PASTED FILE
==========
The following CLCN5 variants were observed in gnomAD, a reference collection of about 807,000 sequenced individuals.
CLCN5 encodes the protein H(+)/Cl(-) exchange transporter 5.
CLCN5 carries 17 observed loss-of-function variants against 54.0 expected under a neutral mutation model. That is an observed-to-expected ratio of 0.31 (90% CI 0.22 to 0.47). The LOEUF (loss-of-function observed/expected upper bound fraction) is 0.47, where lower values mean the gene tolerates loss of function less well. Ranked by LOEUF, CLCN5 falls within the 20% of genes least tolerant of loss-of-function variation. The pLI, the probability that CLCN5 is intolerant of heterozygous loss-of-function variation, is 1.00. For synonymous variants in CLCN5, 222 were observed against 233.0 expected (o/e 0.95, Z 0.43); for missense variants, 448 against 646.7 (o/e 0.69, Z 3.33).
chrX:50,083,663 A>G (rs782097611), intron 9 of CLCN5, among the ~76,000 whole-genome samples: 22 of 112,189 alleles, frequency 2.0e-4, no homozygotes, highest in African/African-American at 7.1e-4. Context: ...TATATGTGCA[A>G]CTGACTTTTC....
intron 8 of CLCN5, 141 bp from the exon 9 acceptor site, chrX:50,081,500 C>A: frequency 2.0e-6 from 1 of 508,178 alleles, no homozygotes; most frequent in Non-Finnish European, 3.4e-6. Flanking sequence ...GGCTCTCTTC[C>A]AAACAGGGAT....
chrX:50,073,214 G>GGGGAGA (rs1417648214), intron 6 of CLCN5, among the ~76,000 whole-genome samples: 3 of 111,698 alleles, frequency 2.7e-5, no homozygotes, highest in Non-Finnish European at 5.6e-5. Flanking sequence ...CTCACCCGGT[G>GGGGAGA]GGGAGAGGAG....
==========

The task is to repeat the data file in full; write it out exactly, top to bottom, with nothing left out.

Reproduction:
The following CLCN5 variants were observed in gnomAD, a reference collection of about 807,000 sequenced individuals.
CLCN5 encodes the protein H(+)/Cl(-) exchange transporter 5.
CLCN5 carries 17 observed loss-of-function variants against 54.0 expected under a neutral mutation model. That is an observed-to-expected ratio of 0.31 (90% CI 0.22 to 0.47). The LOEUF (loss-of-function observed/expected upper bound fraction) is 0.47, where lower values mean the gene tolerates loss of function less well. Ranked by LOEUF, CLCN5 falls within the 20% of genes least tolerant of loss-of-function variation. The pLI, the probability that CLCN5 is intolerant of heterozygous loss-of-function variation, is 1.00. For synonymous variants in CLCN5, 222 were observed against 233.0 expected (o/e 0.95, Z 0.43); for missense variants, 448 against 646.7 (o/e 0.69, Z 3.33).
chrX:50,083,663 A>G (rs782097611), intron 9 of CLCN5, among the ~76,000 whole-genome samples: 22 of 112,189 alleles, frequency 2.0e-4, no homozygotes, highest in African/African-American at 7.1e-4. Context: ...TATATGTGCA[A>G]CTGACTTTTC....
intron 8 of CLCN5, 141 bp from the exon 9 acceptor site, chrX:50,081,500 C>A: frequency 2.0e-6 from 1 of 508,178 alleles, no homozygotes; most frequent in Non-Finnish European, 3.4e-6. Flanking sequence ...GGCTCTCTTC[C>A]AAACAGGGAT....
chrX:50,073,214 G>GGGGAGA (rs1417648214), intron 6 of CLCN5, among the ~76,000 whole-genome samples: 3 of 111,698 alleles, frequency 2.7e-5, no homozygotes, highest in Non-Finnish European at 5.6e-5. Flanking sequence ...CTCACCCGGT[G>GGGGAGA]GGGAGAGGAG....